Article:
Intercountry Adoption Act now heading to the President’s desk

WASHINGTON – U.S. Senator Amy Klobuchar (D-MN), Co-Chair of the Congressional Adoption Caucus, announced that the Senate unanimously passed bipartisan legislation she led to provide updated and timely information to help American families trying to adopt internationally. Klobuchar joined Senator Richard Burr (R-NC) to lead the Intercountry Adoption Information Act in the Senate along with colleagues, Senators Ben Cardin (D-MD), Roy Blunt (R-MO), Thom Tillis (R-NC), Roger Wicker (R-MS), and Sherrod Brown (D-OH). The bill was led by Representatives Doug Collins (R-GA) and Jim Langevin (D-RI) in the House.

“Around the world, there are so many children who need loving homes,” Klobuchar said. “Our bipartisan Intercountry Adoption Information Act would improve information sharing for those navigating the complex international adoption process.  I am proud to work with my colleagues to make the adoption system more effective in finding every child a home.”

The Intercountry Adoption Information Act would amend the Intercountry Adoption Act of 2000 to require the U.S. State Department to provide additional information in its annual intercountry adoption report on the following:

  • Countries that have enacted policies to prevent or prohibit adoptions to the United States;
  • Actions taken by the State Department which have prevented adoptions to the United States;
  • The ways in which the State Department has worked to encourage resuming adoptions in both cases.

This information is critical for American families to adopt from countries that have established barriers to adoption, such as Russia or Ethiopia, or other areas where the State Department has suspended intercountry adoption.

As Co-Chairs of the Congressional Adoption Caucus in the Senate with Senator Roy Blunt (R-MO), Klobuchar has been a leader in the fight to give every child a permanent home. In April, Klobuchar and Blunt led a letter to Secretary of State Mike Pompeo asking that the Department of State (DOS) use all available resources to ensure that intercountry adoptions proceed in a safe and timely manner during the coronavirus pandemic and that American families stranded abroad while completing these adoptions return home safely.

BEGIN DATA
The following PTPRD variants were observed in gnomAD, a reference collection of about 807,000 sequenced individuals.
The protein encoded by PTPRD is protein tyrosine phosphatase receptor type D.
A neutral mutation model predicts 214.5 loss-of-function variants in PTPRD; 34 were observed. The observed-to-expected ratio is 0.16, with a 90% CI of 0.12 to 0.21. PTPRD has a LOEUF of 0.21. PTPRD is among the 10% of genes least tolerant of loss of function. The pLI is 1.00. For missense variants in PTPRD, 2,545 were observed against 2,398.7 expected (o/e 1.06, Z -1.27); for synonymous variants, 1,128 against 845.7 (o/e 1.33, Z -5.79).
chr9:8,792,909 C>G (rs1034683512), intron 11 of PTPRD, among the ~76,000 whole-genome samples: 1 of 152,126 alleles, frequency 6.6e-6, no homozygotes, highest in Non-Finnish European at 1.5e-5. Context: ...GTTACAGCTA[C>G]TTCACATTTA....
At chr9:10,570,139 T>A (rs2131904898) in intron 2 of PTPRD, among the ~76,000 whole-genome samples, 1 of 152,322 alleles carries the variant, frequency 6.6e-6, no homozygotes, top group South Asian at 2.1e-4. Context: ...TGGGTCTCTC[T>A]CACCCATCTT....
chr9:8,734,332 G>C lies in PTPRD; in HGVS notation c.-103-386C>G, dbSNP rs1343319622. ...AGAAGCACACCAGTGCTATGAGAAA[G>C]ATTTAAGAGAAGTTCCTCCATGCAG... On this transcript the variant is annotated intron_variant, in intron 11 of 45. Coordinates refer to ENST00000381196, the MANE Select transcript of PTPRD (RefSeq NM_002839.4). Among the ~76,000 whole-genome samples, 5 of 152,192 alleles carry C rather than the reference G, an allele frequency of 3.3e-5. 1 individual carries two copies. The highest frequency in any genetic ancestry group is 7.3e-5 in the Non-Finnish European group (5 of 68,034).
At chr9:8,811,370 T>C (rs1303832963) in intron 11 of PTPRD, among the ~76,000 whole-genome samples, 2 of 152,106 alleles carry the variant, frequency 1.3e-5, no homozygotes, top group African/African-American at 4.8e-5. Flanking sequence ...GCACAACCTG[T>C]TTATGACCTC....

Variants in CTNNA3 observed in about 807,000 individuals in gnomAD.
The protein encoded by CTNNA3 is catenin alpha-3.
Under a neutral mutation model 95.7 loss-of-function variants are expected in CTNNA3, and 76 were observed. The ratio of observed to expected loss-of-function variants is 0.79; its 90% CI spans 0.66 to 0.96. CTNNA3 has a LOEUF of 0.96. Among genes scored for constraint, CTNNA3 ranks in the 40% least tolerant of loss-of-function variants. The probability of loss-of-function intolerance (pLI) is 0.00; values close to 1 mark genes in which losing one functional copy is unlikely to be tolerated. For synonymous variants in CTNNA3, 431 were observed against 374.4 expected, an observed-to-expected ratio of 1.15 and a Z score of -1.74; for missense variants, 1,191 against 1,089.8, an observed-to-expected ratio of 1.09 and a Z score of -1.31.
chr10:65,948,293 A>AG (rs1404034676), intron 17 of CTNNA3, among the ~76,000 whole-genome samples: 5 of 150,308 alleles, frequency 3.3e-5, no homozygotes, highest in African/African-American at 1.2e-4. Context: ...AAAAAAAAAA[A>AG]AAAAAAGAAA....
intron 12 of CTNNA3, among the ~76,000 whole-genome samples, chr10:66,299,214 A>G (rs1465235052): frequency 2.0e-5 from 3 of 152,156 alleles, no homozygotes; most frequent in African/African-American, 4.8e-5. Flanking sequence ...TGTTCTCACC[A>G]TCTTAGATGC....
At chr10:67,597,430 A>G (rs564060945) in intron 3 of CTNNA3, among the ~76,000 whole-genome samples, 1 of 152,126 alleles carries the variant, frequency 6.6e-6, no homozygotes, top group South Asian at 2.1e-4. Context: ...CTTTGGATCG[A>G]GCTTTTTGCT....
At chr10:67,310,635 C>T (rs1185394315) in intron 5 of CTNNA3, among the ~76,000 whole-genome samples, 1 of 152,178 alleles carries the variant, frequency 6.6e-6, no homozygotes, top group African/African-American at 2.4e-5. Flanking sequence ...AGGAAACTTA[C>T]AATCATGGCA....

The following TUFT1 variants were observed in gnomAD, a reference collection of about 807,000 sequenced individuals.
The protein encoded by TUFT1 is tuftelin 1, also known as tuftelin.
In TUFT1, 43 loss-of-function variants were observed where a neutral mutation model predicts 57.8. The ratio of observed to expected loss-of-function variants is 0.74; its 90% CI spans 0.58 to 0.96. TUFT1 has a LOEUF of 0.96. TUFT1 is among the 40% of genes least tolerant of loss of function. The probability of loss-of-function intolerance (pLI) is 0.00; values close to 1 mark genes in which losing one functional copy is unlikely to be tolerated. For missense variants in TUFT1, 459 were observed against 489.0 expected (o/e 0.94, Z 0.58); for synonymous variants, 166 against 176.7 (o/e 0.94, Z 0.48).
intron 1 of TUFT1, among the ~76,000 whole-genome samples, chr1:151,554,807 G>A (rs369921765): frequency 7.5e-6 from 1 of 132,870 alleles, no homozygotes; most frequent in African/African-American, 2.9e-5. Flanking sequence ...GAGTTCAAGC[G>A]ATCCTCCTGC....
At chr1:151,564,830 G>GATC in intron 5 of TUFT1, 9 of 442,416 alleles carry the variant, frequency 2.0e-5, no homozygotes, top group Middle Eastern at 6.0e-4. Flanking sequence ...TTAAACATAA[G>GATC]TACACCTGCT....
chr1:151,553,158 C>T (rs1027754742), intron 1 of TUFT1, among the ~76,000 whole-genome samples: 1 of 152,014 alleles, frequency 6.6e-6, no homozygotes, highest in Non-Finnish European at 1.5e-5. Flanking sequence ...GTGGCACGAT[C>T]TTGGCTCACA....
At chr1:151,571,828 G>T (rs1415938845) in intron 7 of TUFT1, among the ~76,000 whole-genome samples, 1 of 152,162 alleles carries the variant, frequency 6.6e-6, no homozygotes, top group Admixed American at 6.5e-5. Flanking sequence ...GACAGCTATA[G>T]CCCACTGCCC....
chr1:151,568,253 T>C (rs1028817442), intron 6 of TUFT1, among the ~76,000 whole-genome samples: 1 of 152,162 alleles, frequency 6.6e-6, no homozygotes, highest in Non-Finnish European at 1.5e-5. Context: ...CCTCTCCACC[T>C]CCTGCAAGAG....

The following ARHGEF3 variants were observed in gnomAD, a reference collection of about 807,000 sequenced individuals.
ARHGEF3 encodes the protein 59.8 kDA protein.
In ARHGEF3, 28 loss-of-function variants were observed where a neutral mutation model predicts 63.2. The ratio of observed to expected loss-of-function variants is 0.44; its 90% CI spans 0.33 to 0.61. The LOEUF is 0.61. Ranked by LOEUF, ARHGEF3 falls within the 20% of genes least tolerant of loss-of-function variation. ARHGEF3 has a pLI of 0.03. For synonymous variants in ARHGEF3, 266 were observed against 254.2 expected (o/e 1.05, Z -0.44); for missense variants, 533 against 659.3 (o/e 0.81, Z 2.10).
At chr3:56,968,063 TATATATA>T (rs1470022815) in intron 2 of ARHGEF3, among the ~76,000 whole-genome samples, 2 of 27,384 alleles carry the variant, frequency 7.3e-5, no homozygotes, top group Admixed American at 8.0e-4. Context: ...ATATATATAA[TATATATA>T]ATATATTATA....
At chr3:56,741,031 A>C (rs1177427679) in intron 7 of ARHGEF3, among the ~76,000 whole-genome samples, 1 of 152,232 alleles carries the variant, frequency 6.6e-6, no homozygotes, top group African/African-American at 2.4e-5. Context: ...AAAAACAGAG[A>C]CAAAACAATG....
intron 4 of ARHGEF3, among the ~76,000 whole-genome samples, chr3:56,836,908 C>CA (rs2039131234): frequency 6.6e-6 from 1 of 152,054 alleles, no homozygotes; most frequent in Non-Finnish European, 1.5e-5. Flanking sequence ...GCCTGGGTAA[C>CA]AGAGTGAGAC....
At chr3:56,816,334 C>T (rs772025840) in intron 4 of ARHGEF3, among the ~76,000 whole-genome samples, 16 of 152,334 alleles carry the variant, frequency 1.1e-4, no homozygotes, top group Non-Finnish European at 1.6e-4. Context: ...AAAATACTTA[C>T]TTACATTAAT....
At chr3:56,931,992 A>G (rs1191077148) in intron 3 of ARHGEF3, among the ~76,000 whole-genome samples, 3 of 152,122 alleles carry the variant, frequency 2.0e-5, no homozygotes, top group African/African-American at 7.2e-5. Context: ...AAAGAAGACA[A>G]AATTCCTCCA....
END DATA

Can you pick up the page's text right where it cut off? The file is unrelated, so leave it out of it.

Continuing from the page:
In November 2019, Klobuchar and Blunt encouraged Health and Human Services (HHS) Assistant Secretary of Administration for Children and Families Lynn Johnson and Department of State Assistant Secretary for Consular Affairs Carl Risch to raise awareness for National Adoption Month.

In May 2019, they introduced the Supporting Adoptive Families Act to support adoptive families and to help provide pre- and post- adoption support services, including mental health treatment, to help adoptive families stay strong.

In April 2019, they led a letter to the Secretaries of Homeland Security and State regarding the Administration’s decision to close the U.S. Citizenship and Immigration Service (USCIS) international offices and expressed concern over the potential negative impact these closures would have on processing intercountry adoptions.

In February 2019, they introduced legislation to improve the intercountry adoption process. The bipartisan Intercountry Adoption Advisory Committee Act provides the Secretary of State the authority to establish an Intercountry Adoption Advisory Committee within the Bureau of Consular Affairs to focus on coordinating the development, refinement, and implementation of policy and programs on intercountry adoption.